(Last Updated on : 21/10/2013)
The Brahmaputra Valley semi-evergreen rain forests in India are an integral part of India's ecosystem. These forests were historically considered as some of the most productive areas in the Indian Subcontinent bioregion. This eco-region lies along the alluvial plains of the Brahmaputra River that flows through the state of Assam and West Bengal in India. The valley has been densely settled by humans and cultivated for thousands of years, because of the eco-region's high productivity. The eco-region harbours an impressive biological diversity in the small fragments of habitat that lie scattered throughout. Some of the few remaining viable populations of India like the Asian elephants and the world's largest population of the greater one-horned rhinoceros can be found in these forests.
The Brahmaputra Valley semi-evergreen rain forests in India are located along the upper Brahmaputra River plains. Though most of the forests lie within the eastern Indian state of Assam, some small sections extend into the neighboring states of Arunachal Pradesh and Nagaland, as well. The eco-region represents the area where the northward-migrating Deccan Peninsula first made contact with the Eurasian continent during the early Tertiary period. It also represents a gateway for species exchanges between the typically Indian and Malayan faunas. There are several species that inhibit in both sides of the wide Brahmaputra River. While the species like golden langur, hispid hare, and pygmy hog are limited to the north bank of the river, the species like hoolock gibbon and stump-tailed macaque can be found only on the south bank.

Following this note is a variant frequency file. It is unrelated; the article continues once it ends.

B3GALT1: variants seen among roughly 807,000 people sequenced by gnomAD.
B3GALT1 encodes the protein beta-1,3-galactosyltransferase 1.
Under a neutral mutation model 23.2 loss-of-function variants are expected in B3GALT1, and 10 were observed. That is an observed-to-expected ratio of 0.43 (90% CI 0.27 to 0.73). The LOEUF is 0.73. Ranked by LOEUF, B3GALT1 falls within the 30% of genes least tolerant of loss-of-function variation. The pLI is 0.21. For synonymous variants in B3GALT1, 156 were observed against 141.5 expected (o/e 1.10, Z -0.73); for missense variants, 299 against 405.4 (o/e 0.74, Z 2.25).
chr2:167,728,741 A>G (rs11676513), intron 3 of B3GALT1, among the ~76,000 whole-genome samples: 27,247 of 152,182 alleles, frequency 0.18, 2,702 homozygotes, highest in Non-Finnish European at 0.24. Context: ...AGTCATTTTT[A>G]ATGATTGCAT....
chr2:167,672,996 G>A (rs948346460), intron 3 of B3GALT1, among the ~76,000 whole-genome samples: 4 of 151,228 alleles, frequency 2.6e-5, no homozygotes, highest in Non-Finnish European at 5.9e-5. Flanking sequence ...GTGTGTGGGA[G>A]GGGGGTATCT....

The annual rainfall in the Brahmaputra Valley semi-evergreen rain forests in India ranges between 1,500-3,000 millimeters, depending on the topographic variation. The surface of the forests consists of deep alluvial deposits, for being washed down over the centuries by the Brahmaputra and other rivers like the Manas and Subansiri. Therefore, vegetation in these forests is greatly influenced by the rich alluvial soils and the monsoon rains. However, most of the original semi-evergreen forests in this eco-region have been converted to grasslands by centuries of fire and other human influences.
The Brahmaputra Valley semi-evergreen rain forests in India houses several varieties of tree species and the typical evergreen tree species found in these forests include the Syzygium, Cinnamomum, Artocarpus, and Magnoliacea. Apart from that, the common deciduous species include Terminalia myriocarpa, Terminalia citrina, Terminalia tomentosa, Tetrameles spp., and Stereospermum spp. Shorea robusta. The canopy trees in these forests are typically 20-30 meters high. The understory of the forests contain the species like Lauraceae, Anonaceae, Meliaceae, Mesua ferrea, Tetrameles spp., Stereospermum spp.. Apart from that, the species like Meliaceae, Anacardiaceae, Myristicaceae, Lauraceae, and Magnoliaceae and several bamboos like Bambusa arundinaria, Dendrocalamus hamilitonii, and Melocanna bambusoides, are also found in the forests.
Apart from harbouring the India's largest elephant population and the world's largest population of the greater one-horned rhinoceros, the Brahmaputra Valley semi-evergreen rain forests in India also houses several other animal species. These species include the Tigers, and Wild Water Buffalo. The forests also overlap with a high-priority (Level I) TCU that extends north to include the subtropical and temperate forests of the Himalayan mid-hills. The well known mammal fauns found in the forests include the families like Cercopithecidae and Bovidae. There are a total of 122 mammal fauna species, including 2 near-endemic species found in these forests. Out of these, the pygmy hog and the hispid hare are confined to the grassland habitats.
The Brahmaputra Valley semi-evergreen rain forests in India are also home to several threatened mammal species including the swamp deer, gaur, clouded leopard, hispid hare, pygmy hog, capped leaf monkey, Asiatic black bear, and sloth bear. The bird fauna in the forests is also quite rich with more than 370 species included in its habitant list. The 2 species that are near endemic among them include the families like Phasianidae and Timaliidae. The forests also overlap with BirdLife International's EBA, and Assam Plains that contains three restricted-range bird species. The Bengal florican is one of the most endangered species found in the forests and is largely limited to the protected areas.